|BMW has refreshed its i3 plug-in model, also adding this performance version, branded i3S.|
|Key rival:||VW e-Golf|
|BMW i3S REX|
|MPG:||206 mile range|
Electric vehicles are lauded for their instant power delivery, rather than the slight lag you get with an internal combustion engine, but manufacturers haven’t yet produced a sporty plug-in, with the exception of top-end high-performance cars such as the BMW i8.
A mid-life revision for the i3 hatchback has given the German premium brand a chance to change that. As well as minor changes to the i3 itself, a car that has now passed 8000 UK sales and is, according to the manufacturer, the best-selling electric car in the premium compact segment, BMW has launched the i3s.
The new version is slightly more powerful than the regular i3 it sits alongside, with the equivalent of 184hp rather than 170hp, which makes it just under half a second quicker on the 0-62mph acceleration run.
There are other changes under the skin. Suspension tweaks include the car being lowered by 10mm, the track being widened by 40mm and sports suspension fitted, including new springs and dampers. All of the changes are designed to make the handling sharper and more like that of a hot hatch.
The i3 also gets 20-inch black alloy wheels, and gloss black finish to the roof, A-pillar, front bumper and wheelarch extensions, for those looking to pick out the new car.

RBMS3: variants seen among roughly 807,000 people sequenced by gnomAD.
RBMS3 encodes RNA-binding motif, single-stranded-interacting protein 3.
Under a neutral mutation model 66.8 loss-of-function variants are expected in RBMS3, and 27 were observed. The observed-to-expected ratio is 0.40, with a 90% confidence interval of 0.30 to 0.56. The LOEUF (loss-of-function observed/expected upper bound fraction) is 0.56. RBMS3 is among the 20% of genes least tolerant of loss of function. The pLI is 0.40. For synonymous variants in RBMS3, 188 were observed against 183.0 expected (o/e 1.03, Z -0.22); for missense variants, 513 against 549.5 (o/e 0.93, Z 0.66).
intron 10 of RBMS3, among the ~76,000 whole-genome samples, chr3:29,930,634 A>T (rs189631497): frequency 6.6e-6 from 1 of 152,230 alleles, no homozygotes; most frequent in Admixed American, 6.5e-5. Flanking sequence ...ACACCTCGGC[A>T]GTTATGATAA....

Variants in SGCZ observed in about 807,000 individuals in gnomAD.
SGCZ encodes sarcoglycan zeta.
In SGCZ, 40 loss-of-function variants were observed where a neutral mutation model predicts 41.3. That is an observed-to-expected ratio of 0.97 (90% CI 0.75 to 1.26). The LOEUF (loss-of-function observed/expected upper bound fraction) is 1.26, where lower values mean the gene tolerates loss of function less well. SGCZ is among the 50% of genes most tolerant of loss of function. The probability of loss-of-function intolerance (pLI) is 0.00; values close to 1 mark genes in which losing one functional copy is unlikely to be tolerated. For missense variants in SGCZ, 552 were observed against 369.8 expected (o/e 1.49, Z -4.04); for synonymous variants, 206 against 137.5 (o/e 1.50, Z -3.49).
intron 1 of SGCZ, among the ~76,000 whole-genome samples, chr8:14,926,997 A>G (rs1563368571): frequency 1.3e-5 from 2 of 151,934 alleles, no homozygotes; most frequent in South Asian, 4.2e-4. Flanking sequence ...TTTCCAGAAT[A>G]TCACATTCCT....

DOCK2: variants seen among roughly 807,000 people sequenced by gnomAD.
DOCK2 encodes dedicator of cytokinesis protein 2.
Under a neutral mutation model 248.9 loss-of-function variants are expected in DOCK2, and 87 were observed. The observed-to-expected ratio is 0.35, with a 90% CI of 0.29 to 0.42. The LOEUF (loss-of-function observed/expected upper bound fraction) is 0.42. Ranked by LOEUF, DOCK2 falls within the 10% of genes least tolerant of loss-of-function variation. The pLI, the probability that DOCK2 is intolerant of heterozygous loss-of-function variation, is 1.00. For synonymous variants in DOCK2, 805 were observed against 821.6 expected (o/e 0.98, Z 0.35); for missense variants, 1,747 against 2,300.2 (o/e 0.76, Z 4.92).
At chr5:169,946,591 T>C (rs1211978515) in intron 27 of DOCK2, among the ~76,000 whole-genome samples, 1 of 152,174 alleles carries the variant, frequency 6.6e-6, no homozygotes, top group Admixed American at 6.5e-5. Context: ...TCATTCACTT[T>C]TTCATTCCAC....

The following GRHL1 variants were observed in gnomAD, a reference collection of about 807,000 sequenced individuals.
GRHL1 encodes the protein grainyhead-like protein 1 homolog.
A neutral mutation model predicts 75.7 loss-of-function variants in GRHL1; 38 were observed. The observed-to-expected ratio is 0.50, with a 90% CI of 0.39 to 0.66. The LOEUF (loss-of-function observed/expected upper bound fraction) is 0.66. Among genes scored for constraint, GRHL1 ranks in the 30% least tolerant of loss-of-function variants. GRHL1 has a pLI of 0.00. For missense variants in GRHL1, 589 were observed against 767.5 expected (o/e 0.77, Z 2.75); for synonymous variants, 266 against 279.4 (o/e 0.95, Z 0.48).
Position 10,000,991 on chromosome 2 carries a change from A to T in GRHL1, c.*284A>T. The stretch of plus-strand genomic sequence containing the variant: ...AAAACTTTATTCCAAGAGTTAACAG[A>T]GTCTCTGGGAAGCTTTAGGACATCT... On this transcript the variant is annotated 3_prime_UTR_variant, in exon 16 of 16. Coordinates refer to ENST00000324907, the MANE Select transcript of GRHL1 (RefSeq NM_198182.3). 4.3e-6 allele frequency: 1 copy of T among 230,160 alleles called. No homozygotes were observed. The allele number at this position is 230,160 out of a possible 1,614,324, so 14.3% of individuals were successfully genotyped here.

The i3s costs £2905 more than the regular i3, and both models are available in either pure electric or range-extender format; the latter adds a 38hp two-cylinder engine and 9.0-litre fuel tank for an additional 93 miles of range, and costs an additional £3150. The good news is that all models are eligible for the Government’s £4500 ultra-low emission vehicle grant.
The i3s range-extender has an official emissions figure of 14g/km, 1g/km more than the standard i3.
Range-wise, the i3s will do 113 miles on battery power, with the petrol engine adding a further 93 miles, according to BMW’s “real world” figures.
The performance and handling of the i3s are undeniably impressive, with that surge of electric power very much present, and it grips and handles with a poise other electric vehicles won’t match. The pay-off of the sports suspension is a firmness that passengers won’t necessarily enjoy; the i3s bounces and hops unpleasantly across things like regularly spaced road expansion joints, and its cause isn’t helped by the short wheelbase. It’s certainly firmer than the existing i3, but that enables the sharper handling and greater poise and body control in bends, so it depends on buyer preference.
That’s enhanced when the Sport mode, exclusive to the i3s, is engaged. There are also Eco Pro and Eco Pro+ modes for optimising the range, but if you’re sensible it tends to come down in line with mileage. Higher-speed usage will drain it quicker, as is the case with all EVs, but if you’re doing frequent motorway runs then a plug-in is possibly not the right choice anyway.
The i3s is an intriguing step for electric vehicles in general, proving they can have emotional appeal to go with the rational, financial and environmental strengths.